In this post, I am going to summarize the remainder of instances of citation problems and recycling in Mark & Grace Driscoll’s book Real Marriage. In addition, I will add links to the previous issues discovered.
First some issues I have not written about previously.
On pages 53-54, the Driscolls write about “contract v. covenant marriage.” To me, this use seems similar to their use of Dan Allender’s relational styles of abused women (“tough girl, good girl, party girl”). First, from Real Marriage, p. 53:
Understanding contract versus covenant is essential to marriage. In a contractual marriage two people with two lives negotiate the terms of their marriage. This tends to make marriage more like a business deal where two individuals living parallel lives monitor each other’s contributions to see if the terms of the marriage negotiation are being upheld. For many men and women, the questions are: Is my spouse keeping up his/ her looks, making his/ her share of the income, doing an equal amount of the chores, and having enough sex with me, or not? And if at any point I do not believe my spouse is keeping up his or her end of our business arrangement, I simply nullify the deal and file for divorce according to the terms of a prenuptial agreement in which the divorce was organized before the marriage began.
A covenant is not like a contract. This is important for men to understand because most men, especially professionals, think contractually, which is fine for business but death to a marriage. The concept of covenant appears literally hundreds of times throughout the Bible. At the most basic level, a covenant is a loving agreement between two parties that bonds them together . a Some covenants are made between God and people, such as the new covenant of salvation. b Other covenants are made between people, such as the covenant of marriage.
Driscoll, Mark; Driscoll, Grace (2012-01-03). Real Marriage: The Truth About Sex, Friendship, and Life Together (p. 53-54). Thomas Nelson. Kindle Edition.
I don’t know who coined the distinction first but their discussion reminded me of the concept of contract v. covenant marriage in Gary Chapman’s 2003 book Covenant Marriage. Click this link to see the relevant portion of Covenant Marriage.
In a previous post, I pointed out instances of recycling material from one book to another without disclosure. In Real Marriage, the Driscolls recycled additional material from Death By Love (authored with Gerry Breshears). From Real Marriage, pages 94-95:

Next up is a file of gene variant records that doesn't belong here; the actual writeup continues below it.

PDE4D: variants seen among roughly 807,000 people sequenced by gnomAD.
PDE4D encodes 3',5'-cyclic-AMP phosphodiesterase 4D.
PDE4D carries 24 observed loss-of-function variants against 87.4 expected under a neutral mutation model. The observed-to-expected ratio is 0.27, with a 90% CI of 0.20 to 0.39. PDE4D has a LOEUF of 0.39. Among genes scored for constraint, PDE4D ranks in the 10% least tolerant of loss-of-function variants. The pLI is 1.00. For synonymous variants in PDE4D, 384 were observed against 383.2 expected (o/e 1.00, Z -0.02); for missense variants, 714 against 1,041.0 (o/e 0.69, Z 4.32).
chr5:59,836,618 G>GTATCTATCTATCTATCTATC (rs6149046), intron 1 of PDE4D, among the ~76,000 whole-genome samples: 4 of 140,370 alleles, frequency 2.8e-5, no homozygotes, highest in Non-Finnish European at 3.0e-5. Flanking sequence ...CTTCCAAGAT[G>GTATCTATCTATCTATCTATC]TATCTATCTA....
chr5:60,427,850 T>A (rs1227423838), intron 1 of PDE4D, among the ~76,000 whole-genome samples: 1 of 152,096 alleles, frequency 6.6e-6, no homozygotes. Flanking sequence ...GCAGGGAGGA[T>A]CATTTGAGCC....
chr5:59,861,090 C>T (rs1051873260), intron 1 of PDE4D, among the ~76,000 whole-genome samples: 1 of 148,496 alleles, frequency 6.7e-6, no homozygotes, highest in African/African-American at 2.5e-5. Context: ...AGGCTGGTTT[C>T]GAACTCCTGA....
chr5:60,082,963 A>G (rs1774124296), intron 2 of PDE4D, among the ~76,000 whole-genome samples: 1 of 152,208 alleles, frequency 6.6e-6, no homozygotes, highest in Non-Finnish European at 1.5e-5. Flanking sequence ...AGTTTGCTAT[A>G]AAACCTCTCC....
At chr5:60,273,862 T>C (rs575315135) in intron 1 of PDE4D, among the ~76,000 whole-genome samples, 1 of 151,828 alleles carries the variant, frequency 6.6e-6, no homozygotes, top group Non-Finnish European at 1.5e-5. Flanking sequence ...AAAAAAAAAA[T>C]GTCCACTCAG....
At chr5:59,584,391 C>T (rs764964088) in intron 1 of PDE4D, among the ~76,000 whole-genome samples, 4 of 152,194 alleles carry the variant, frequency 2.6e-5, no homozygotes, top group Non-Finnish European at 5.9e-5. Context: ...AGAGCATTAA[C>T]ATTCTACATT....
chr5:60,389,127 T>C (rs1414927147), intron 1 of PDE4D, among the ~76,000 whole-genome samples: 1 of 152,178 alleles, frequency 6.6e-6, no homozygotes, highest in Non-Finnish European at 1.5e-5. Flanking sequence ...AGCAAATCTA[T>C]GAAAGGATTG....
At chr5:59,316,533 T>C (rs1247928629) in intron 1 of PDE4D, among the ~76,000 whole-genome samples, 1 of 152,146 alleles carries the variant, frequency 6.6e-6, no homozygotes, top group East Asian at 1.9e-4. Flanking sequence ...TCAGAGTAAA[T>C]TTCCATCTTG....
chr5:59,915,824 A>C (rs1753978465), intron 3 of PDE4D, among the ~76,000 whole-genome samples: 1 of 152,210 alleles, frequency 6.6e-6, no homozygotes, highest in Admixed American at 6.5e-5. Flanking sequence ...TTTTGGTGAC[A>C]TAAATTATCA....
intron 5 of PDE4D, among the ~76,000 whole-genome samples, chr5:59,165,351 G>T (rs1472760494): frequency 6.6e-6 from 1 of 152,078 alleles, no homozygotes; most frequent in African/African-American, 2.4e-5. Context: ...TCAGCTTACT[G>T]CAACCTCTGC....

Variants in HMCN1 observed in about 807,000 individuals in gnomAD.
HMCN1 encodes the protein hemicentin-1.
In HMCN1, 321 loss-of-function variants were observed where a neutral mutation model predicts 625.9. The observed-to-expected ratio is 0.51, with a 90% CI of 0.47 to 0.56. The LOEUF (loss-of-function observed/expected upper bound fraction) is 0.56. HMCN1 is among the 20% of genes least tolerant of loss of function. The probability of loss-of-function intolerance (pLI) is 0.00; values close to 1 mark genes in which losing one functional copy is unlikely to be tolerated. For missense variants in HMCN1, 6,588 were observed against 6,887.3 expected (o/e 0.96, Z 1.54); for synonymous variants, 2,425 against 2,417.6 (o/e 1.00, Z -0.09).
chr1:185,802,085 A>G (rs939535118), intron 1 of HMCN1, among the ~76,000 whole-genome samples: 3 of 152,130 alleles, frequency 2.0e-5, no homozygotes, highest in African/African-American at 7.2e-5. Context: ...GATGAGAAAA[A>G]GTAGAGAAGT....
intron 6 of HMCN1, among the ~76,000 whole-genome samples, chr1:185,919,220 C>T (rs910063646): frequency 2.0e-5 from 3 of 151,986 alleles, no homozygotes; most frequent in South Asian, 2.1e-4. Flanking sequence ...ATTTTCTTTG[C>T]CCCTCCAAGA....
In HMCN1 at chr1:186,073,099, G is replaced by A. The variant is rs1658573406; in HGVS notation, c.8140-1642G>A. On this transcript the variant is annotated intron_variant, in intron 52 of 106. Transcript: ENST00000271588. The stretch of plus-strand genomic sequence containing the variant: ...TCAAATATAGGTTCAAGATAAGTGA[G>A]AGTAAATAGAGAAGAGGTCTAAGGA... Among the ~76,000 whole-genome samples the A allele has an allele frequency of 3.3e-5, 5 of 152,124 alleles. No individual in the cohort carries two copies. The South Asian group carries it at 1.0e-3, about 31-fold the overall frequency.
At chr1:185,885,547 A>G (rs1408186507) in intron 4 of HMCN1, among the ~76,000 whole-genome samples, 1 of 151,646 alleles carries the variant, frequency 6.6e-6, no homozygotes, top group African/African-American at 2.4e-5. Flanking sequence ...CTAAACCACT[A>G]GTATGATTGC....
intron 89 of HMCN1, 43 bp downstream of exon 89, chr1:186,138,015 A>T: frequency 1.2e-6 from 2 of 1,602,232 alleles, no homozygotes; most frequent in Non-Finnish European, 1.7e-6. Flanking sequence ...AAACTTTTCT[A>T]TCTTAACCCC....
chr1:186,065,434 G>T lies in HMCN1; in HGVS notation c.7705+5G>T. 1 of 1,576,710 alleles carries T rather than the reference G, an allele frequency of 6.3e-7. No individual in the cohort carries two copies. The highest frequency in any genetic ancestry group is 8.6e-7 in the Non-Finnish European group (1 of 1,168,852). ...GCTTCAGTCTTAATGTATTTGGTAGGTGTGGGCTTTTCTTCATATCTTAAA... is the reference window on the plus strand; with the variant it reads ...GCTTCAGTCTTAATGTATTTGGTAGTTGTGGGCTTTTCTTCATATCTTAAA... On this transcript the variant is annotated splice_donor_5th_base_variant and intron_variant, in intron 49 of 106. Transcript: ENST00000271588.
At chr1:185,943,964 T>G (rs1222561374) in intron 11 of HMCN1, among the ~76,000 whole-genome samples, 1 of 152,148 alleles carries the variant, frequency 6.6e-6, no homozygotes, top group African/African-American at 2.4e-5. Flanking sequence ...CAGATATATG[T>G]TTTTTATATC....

Bitterness is often unrelated to the magnitude of a sin, but instead correlates to how much you love the offender. If a stranger sins against you in a significant way, you are likely to be angry, but not bitter. If a spouse sins against you— even in a little way— however, you are likely to get bitter because you have higher expectations for your spouse’s relationship with you. And we can even become bitter against God, like Naomi (meaning “pleasant”), who changed her name to Mara (meaning “bitter”) because “‘ the Almighty has dealt very bitterly with me.’”
Click this link to compare the section in Real Marriage to a discussion of bitterness in Death By Love.
A third section is the Driscoll’s treatment of John Wesley’s marriage on pages 97-99 in Real Marriage. The Driscolls provide an account of John Wesley’s marriage to Molly Vazeille. The marriage was a disaster by any standard and the Driscolls contrast it with the happy marriage of John’s brother Charles. The narrative is told with footnotes for direct quotes from John Wesley but no citation of the source(s) for the many facts provided about the rest of the story. The material is not common knowledge and had to come from research on Wesley’s life. In one instance, the Driscolls cite a very good book by Doreen Moore titled “Good Christians, Good Husbands” but do so in relation to a direct quote from Wesley. The details of Wesley’s failed marriage are presented without citation.
From an academic point of view, the lack of citation makes it impossible to track down their claims. For instance, I would like to know their source because one aspect of the narrative seems incorrect. From page 98:
John Wesley had poured his life into his ministry of Methodism . But in February 1751 things changed when, at the age of forty-eight, the never-married John Wesley was crossing London Bridge when he slipped on ice and broke his ankle. He was then taken into the home of forty-one-year-old Molly Vazeille, a wealthy widow with four children. Without even a passing mention in his journal, the two were married eight days later.
Driscoll, Mark; Driscoll, Grace (2012-01-03). Real Marriage: The Truth About Sex, Friendship, and Life Together (p. 98). Thomas Nelson. Kindle Edition.
According to Doreen Moore’s research (p. 21) and a letter by John Wesley’s brother Charles, Wesley had already disclosed he was going to marry Molly Vazeille before he injured his ankle on the bridge. The Driscolls make it seem as though Wesley didn’t know Molly prior to the injury. However, he was taken there apparently because he had already announced his intention to marry her. Small matter perhaps, but worth noting for those who are interested in the life of Wesley.
Other posts on Real Marriage: